The white doves are Barbary Doves, commonly called Ring Necked Doves in our corner of the world. We've heard them called 'Collar Doves' in England.
They are sociable, gentle, curious and friendly and we love having them in our garden.
Malay Spotted Doves . At our place we call them "Brownies" for short. These gentle, nervous, creatures are so pretty. Unlike the Barbary Doves, who'll eat anywhere that the food is laid out, the "Brownies" seem to strictly be ground feeders so I always throw a scoopful of food on the lawn for them.
When we first moved into our property it seemed that, for the first four December/January periods, someone was setting out to poison these lovely birds. We'd find them dead on the deck, or on the driveway, on the lawn, on the path, in the garden. One year a mother and half grown baby died within two hours of one another, in front of our eyes. The mother had crawled into our shed and the baby sat beside her while mother suffered huge spasms and died. Then two hours later the same thing happened to the baby. What had grown to be a population of about fifteen doves, during each year, was cut back to about three doves in the new year..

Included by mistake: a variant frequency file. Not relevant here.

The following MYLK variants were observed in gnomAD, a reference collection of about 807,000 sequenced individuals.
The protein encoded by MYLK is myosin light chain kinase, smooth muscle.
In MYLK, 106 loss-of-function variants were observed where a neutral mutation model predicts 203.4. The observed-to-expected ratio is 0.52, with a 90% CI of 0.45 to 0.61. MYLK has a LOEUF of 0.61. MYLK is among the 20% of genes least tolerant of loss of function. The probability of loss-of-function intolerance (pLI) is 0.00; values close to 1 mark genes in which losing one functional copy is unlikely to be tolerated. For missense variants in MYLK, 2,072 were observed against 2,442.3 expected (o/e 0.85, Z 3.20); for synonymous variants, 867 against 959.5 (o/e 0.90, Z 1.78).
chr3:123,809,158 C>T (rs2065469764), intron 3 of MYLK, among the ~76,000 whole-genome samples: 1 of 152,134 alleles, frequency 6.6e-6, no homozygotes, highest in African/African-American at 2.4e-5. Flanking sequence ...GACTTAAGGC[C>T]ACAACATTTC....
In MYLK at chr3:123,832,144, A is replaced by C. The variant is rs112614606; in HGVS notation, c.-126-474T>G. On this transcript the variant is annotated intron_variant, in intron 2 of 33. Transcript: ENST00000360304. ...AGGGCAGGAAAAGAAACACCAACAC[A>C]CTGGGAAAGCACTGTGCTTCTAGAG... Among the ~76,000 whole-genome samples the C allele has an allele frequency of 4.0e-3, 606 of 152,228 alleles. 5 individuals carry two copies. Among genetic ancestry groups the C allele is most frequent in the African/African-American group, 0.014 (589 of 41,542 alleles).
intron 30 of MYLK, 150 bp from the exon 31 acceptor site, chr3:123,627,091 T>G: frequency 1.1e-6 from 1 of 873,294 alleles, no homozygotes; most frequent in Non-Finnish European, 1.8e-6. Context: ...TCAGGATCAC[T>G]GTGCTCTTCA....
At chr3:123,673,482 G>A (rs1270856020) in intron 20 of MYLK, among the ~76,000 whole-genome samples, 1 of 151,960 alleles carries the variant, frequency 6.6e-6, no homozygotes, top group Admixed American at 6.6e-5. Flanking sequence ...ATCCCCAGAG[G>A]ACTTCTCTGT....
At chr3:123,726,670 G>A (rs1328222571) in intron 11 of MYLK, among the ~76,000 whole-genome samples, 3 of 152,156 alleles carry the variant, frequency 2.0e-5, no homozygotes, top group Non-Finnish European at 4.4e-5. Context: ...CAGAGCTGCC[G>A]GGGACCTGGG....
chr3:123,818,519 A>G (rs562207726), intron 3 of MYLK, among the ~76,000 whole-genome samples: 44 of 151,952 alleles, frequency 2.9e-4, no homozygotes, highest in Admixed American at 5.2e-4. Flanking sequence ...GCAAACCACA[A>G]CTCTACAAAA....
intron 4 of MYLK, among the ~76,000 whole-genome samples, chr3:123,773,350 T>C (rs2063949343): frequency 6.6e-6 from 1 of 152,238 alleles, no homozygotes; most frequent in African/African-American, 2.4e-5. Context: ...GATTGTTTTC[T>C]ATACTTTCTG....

This past December/January it seemed that no Brownie Doves were poisoned. They carried on happily into the new year and at the moment we have about twenty of them coming in for the feeding frenzy, morning and night. In between times they either lie on the lawn and sun their wings, or disappear into the trees. They are peaceful, pretty, birds and we love having them around.
On a sad note, the two monarch caterpillars I took into the house last week, died. Both were already very sluggish when I took them inside and after only 2 days they succumbed.
On a positive note, the chrysalis carries on well and, guess what? Yesterday I found at least four caterpillars happily munching on our outdoor swan plants and one is quite large.
The wasps had a field day on these swan plants during Summer and we had no caterpillars on the plants, whatsoever. Now it seems the wasps have cleared off and a few late-in-the-season caterpillars are growing happily.
Isn't it nice to know that Nature still has some positive surprises up her sleeve?